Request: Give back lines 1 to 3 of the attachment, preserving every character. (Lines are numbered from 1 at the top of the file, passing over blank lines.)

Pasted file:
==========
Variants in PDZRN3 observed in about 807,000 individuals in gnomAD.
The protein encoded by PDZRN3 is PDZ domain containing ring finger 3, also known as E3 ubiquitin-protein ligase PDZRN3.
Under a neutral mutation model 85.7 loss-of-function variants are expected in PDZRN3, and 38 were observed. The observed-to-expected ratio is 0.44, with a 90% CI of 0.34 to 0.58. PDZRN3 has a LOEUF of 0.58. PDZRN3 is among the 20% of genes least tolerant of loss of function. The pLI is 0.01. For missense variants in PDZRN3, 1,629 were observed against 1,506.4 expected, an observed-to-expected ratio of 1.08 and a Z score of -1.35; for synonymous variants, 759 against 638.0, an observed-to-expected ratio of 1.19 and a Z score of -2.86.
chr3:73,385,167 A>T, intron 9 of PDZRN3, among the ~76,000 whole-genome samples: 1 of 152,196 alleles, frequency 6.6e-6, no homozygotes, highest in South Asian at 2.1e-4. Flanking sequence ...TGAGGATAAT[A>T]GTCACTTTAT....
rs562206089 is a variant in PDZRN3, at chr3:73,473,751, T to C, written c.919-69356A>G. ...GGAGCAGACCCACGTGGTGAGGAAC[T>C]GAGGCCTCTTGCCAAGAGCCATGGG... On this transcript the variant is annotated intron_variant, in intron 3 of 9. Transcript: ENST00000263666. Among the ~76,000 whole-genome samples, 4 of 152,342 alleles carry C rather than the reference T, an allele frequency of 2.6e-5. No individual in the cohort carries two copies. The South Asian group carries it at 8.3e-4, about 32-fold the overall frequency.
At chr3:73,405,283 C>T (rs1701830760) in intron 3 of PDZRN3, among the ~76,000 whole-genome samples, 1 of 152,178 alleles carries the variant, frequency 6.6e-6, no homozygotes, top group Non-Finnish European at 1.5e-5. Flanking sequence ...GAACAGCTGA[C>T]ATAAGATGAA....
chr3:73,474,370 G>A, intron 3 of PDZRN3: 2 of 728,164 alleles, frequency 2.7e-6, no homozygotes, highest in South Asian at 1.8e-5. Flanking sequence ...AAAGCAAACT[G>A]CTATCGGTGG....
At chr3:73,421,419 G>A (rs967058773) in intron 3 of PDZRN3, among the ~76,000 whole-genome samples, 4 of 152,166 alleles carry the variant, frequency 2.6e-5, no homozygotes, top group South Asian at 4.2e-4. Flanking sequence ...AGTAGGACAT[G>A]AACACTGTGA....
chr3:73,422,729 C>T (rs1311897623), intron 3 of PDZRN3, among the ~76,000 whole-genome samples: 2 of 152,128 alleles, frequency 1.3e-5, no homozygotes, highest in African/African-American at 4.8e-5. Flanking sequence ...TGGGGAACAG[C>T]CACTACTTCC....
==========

Variants in PDZRN3 observed in about 807,000 individuals in gnomAD.
The protein encoded by PDZRN3 is PDZ domain containing ring finger 3, also known as E3 ubiquitin-protein ligase PDZRN3.
Under a neutral mutation model 85.7 loss-of-function variants are expected in PDZRN3, and 38 were observed. The observed-to-expected ratio is 0.44, with a 90% CI of 0.34 to 0.58. PDZRN3 has a LOEUF of 0.58. PDZRN3 is among the 20% of genes least tolerant of loss of function. The pLI is 0.01. For missense variants in PDZRN3, 1,629 were observed against 1,506.4 expected, an observed-to-expected ratio of 1.08 and a Z score of -1.35; for synonymous variants, 759 against 638.0, an observed-to-expected ratio of 1.19 and a Z score of -2.86.